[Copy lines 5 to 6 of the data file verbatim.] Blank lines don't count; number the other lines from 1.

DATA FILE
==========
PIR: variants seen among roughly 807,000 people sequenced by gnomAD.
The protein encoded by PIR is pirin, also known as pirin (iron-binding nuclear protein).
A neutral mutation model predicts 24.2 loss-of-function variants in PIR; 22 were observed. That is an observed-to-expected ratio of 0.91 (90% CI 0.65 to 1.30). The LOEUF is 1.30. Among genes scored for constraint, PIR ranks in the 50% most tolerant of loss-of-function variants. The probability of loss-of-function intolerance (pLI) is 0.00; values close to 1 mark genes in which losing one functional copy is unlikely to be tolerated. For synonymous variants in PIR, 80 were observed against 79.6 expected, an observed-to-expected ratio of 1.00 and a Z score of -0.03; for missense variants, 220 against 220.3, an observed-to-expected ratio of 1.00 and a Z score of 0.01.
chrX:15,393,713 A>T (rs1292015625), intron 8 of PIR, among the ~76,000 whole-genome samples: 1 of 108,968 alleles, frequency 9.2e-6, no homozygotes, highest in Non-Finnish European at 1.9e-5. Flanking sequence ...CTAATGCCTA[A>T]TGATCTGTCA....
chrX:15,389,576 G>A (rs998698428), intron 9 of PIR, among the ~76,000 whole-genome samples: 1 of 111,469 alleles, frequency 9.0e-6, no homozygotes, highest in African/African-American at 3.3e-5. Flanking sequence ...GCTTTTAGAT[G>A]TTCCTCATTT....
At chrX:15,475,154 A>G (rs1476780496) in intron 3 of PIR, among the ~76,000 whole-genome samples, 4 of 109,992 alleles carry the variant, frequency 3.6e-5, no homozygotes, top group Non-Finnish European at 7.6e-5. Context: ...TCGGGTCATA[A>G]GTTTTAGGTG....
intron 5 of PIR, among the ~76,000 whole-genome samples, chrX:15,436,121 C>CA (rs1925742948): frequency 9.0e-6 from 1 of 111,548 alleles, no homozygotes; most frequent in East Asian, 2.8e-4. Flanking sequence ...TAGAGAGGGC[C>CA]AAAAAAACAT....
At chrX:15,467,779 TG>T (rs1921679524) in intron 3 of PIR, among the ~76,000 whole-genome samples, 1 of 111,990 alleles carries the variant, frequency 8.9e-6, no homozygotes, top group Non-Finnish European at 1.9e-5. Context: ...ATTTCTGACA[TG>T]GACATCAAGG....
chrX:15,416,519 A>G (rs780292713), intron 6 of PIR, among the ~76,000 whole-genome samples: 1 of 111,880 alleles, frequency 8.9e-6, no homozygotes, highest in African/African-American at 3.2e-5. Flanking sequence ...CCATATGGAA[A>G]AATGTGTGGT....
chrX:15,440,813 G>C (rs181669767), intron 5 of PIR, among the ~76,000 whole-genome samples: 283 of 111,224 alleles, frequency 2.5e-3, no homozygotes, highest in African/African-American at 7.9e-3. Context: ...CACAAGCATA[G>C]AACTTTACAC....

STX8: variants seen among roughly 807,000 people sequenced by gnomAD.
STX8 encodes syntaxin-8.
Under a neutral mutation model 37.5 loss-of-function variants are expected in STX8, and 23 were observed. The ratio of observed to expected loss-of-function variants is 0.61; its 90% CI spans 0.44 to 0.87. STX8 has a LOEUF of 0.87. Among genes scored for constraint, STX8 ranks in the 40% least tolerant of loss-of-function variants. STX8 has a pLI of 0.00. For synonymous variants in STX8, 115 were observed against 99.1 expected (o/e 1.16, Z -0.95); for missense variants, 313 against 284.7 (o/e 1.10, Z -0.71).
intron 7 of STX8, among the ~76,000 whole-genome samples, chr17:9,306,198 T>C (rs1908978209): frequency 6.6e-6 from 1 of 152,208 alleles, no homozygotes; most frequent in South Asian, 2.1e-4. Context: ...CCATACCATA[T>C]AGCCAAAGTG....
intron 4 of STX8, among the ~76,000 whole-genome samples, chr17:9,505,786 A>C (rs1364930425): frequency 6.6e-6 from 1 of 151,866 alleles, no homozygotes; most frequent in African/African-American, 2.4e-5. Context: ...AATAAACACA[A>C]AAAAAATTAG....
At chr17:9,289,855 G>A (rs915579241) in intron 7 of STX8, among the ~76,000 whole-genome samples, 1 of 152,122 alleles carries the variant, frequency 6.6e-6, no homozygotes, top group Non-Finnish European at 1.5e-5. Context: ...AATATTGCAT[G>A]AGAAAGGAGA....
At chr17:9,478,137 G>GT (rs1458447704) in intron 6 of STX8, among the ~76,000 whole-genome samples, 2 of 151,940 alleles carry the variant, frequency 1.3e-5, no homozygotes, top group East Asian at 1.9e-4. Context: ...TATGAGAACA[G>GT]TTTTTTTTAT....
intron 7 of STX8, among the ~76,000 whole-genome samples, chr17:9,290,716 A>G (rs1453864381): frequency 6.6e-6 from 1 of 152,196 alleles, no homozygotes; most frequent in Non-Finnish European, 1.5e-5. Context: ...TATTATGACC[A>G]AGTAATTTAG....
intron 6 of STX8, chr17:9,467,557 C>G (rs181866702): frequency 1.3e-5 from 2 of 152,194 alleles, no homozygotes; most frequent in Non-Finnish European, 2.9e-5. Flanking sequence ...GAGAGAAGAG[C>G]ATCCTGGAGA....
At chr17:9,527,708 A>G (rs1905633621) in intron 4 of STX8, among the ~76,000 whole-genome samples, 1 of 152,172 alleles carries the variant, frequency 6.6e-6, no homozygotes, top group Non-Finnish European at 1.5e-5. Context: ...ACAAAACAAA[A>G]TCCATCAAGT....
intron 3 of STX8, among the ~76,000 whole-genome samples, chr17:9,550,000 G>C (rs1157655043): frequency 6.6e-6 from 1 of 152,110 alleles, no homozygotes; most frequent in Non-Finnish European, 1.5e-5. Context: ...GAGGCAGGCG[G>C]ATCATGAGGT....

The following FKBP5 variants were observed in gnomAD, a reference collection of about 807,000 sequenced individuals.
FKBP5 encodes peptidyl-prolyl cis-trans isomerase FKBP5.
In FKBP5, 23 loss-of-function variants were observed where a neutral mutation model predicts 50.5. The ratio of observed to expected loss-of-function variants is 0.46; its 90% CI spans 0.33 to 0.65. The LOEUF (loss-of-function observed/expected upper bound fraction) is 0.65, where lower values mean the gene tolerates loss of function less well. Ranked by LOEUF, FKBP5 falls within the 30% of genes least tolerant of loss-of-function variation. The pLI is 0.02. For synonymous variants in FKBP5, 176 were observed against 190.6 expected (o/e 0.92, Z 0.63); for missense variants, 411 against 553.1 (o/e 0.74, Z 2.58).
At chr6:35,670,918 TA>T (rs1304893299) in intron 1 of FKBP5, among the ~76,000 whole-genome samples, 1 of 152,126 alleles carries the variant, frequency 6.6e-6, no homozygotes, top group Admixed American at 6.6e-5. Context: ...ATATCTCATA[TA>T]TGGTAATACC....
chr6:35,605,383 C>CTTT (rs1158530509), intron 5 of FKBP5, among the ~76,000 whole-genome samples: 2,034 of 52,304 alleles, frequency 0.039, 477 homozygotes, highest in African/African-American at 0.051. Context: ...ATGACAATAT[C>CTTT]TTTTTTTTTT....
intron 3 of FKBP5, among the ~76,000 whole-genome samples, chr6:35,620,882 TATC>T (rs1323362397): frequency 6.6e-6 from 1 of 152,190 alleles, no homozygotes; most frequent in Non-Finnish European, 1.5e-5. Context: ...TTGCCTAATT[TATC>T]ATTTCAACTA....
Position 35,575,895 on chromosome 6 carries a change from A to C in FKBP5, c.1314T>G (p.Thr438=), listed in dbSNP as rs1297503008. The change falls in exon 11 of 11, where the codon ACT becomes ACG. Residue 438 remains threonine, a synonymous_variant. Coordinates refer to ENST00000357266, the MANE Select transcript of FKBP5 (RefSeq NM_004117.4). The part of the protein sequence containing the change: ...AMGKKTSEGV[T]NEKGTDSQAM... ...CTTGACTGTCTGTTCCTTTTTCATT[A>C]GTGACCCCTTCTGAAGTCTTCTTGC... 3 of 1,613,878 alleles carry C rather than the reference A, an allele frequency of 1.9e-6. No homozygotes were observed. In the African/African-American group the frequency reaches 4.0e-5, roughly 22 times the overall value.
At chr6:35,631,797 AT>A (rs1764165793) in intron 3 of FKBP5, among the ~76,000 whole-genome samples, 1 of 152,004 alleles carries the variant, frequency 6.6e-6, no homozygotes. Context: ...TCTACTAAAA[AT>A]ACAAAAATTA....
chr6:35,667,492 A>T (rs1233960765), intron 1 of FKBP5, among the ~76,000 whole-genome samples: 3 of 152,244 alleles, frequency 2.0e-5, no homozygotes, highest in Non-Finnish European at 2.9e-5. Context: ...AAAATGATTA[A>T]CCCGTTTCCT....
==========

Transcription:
chrX:15,389,576 G>A (rs998698428), intron 9 of PIR, among the ~76,000 whole-genome samples: 1 of 111,469 alleles, frequency 9.0e-6, no homozygotes, highest in African/African-American at 3.3e-5. Flanking sequence ...GCTTTTAGAT[G>A]TTCCTCATTT....
At chrX:15,475,154 A>G (rs1476780496) in intron 3 of PIR, among the ~76,000 whole-genome samples, 4 of 109,992 alleles carry the variant, frequency 3.6e-5, no homozygotes, top group Non-Finnish European at 7.6e-5. Context: ...TCGGGTCATA[A>G]GTTTTAGGTG....